This 2D side-scrolling action role-playing platformer is fine for what it is, but it undoubtedly borrowed a lot of elements from an age-old Legend of Zelda game – if we’re going to get specific, then I’m talking about Zelda II: The Adventure of Link.


Reviewed: PC
Platforms:
 PC, Soon (Switch, PS4, Xbox One)
Developer: Wonderboy Bobi
Publisher: PQube
Release Date: June 19, 2018
MSRP: $14.99
Review code provided by PQube.


There are also other elements it borrows from one of Nintendo’s biggest franchise as the plot alone feels reminiscent to that of The Legend of Zelda: A Link to the Past. You start off the with one of the most bare-bones introduction you’ll ever see out of an RPG. You’re told that you, the player, felt something was off in the kingdom and that you’ve decided to check things out for yourself.

A couple of bad guys and jumping, slashing here and there and you soon meet the kingdom’s princess. Just before she’s about to kidnapped/killed by a goblin, you rescue her just in the nick of time. She then tells you to make your way to the castle where you find out about the game’s overall plot. A villain named Lord Vammer is trying to merge your world and the dark world where creatures of death and destruction await. You’ll need to gather the earth, water, air, and fire elemental rings to put a stop to this.

Now, doesn’t that seem all too familiar?

It borrows so many elements from past RPG’s that it has nothing unique going for it. What’s worse is that you won’t feel anything for the people in this game. There’s barely any character development, especially that of the hero you control; it definitely feels like you’re controlling a cardboard cutout. It’s clear that the developers wanted him to capture what Link did for most players back in the day, but it doesn’t help if he doesn’t have a name or nothing for the player to emotionally attach with.

As for the other characters? Boring. The king and the princess are there to tell you that the kingdom is in danger and you’re it’s only hope. That’s all that they do. The other NPC’s? Their dialogue isn’t engaging in the slightest. They don’t make you want to learn more about them or the world itself.

Now for the gameplay. As mentioned before, this game is a 2D sidescrolling, action adventure platformer with a mix of RPG elements. So you jump, slash, and use certain abilities whenever the situation calls for it. You have heart containers which represent your health and a sort-of magic meter which fills up whenever you attack enemies.

This game also has an inventory where you get to check out the items you can use or weapons and armor you’ve acquired throughout your playthrough. I will admit, it is nice seeing your character sprite changing its looks whenever you equip different pieces of armor. Even some abilities look nice when you see them being animated.

Although I say all this, they’re nothing that we haven’t seen before.

And that’s the main problem with this title. It doesn’t have anything that sets it apart from other games of similar genres.

Remember when I said that this game was way too similar to The Legend of Zelda franchise? Well, in order for you to gather all the elemental rings, you need to enter specific dungeons, take the treasure which holds the item which allows you to progress further, and beat the boss guarding the ring – which provides you with an extra heart container once you win. Yep, let that sink in.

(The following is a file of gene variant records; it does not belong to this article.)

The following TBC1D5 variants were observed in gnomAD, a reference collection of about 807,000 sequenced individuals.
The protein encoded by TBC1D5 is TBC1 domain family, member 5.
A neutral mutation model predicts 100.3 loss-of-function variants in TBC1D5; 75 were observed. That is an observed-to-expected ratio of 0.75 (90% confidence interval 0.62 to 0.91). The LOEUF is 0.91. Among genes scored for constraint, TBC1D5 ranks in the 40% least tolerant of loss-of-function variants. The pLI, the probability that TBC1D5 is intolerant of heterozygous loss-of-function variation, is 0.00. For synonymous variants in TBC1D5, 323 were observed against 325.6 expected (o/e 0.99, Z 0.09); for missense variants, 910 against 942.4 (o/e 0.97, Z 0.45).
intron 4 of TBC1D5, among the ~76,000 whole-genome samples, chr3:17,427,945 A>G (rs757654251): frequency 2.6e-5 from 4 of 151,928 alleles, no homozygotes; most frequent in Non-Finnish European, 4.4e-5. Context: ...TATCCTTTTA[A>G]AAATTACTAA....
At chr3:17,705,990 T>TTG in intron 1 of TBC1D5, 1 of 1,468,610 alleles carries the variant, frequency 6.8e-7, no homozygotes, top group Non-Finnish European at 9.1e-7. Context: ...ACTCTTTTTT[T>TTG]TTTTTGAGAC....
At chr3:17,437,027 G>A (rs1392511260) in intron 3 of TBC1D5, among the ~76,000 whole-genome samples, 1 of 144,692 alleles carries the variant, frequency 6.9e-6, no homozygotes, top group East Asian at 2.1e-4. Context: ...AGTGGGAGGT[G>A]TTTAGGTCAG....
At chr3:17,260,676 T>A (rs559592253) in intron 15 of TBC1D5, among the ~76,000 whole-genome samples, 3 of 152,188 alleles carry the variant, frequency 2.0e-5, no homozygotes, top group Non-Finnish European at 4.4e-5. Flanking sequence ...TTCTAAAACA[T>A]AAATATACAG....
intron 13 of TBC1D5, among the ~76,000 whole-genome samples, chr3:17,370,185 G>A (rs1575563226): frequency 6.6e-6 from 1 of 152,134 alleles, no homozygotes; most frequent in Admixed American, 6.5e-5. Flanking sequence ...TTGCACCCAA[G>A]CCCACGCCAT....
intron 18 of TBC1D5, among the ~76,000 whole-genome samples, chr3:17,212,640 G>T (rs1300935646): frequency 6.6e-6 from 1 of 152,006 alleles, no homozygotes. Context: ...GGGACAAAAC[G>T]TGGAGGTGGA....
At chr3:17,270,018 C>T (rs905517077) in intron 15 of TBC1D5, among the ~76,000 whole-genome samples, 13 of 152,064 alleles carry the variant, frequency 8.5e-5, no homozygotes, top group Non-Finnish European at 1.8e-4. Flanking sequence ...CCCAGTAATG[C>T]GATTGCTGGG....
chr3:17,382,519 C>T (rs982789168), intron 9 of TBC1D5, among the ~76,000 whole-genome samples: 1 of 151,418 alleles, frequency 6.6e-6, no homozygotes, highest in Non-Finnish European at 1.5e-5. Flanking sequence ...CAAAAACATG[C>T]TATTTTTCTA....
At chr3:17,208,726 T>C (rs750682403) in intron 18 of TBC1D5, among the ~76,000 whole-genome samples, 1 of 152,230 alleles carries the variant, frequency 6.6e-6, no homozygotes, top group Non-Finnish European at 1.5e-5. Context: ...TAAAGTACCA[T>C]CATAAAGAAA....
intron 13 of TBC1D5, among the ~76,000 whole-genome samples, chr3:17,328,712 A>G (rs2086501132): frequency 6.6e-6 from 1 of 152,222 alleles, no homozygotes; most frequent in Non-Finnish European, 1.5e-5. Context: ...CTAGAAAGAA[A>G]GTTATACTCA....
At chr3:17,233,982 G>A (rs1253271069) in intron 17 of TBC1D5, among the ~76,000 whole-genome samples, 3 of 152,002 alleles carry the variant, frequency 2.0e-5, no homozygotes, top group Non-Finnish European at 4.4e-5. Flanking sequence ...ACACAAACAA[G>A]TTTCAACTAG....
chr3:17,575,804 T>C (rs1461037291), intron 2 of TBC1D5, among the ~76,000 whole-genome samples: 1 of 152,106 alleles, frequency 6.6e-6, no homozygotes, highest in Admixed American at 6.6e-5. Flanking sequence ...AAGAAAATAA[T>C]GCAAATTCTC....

As for enemy variation, I will give the developers some credit. There are some standard monsters which took me by surprise with their attack patterns, but then there are those that are way too obvious. Bosses aren’t too intimidating as you feel like you can just keep throwing your body against them until they die – although there are some which require more degree of thinking, they’re nothing too challenging. It should be noted that the developers really wanted this game to be a throwback to retro titles. Why do I say this? That’s because enemy placement can be a tad unfair at times and there’s knockback whenever you take damage.

Now whenever you kill enemies, they drop coins and experience points. This is where the RPG elements kick in as you’ll need the coins to purchase certain items like potions or your battle equipment. The experience points are used for leveling up your character which eventually lets you use certain abilities. These two things give the game a nice sense of progression as it gives you something to work towards.

What I don’t like about the game are the environment and level design. The towns you go through feel bland and there’s almost nothing special about them – aside from one being underwater, another with a library and other minor differences.

As for the level design, some of it can be downright unfair. A perfect example would be in the earth temple. There’s a particular section of the dungeon where you need to be pixel perfect in cutting certain rocks to create a platform to get across to the next area. Mess up once and you’ll have to exit and re-enter the room just to get another shot – there’s even a tiny obstacle that makes things a bit more difficult for you. And this is in the first dungeon of the game!

The music is something that’s left to be desired. None of them will stick to you at all as just about all of them are forgettable. The only one I remember would be the earth temple’s theme, but only because I was stuck there for a while!

All in all? This game is nothing too impressive. You’re better off playing actual classic titles because at least those have way more to offer than this game. Not saying that this game is totally bad, but it could have been so much more.

4
Below Average
Aggelos (PC)
Score Definition
You’ll be left out with a “meh” after finishing the game. What game did we just play?
Pros
Detailed attack animations
Good sense of progression
Uninspiring level and environmental designs
Cons
Bland characters
Forgettable soundtrack,
Not unique by any means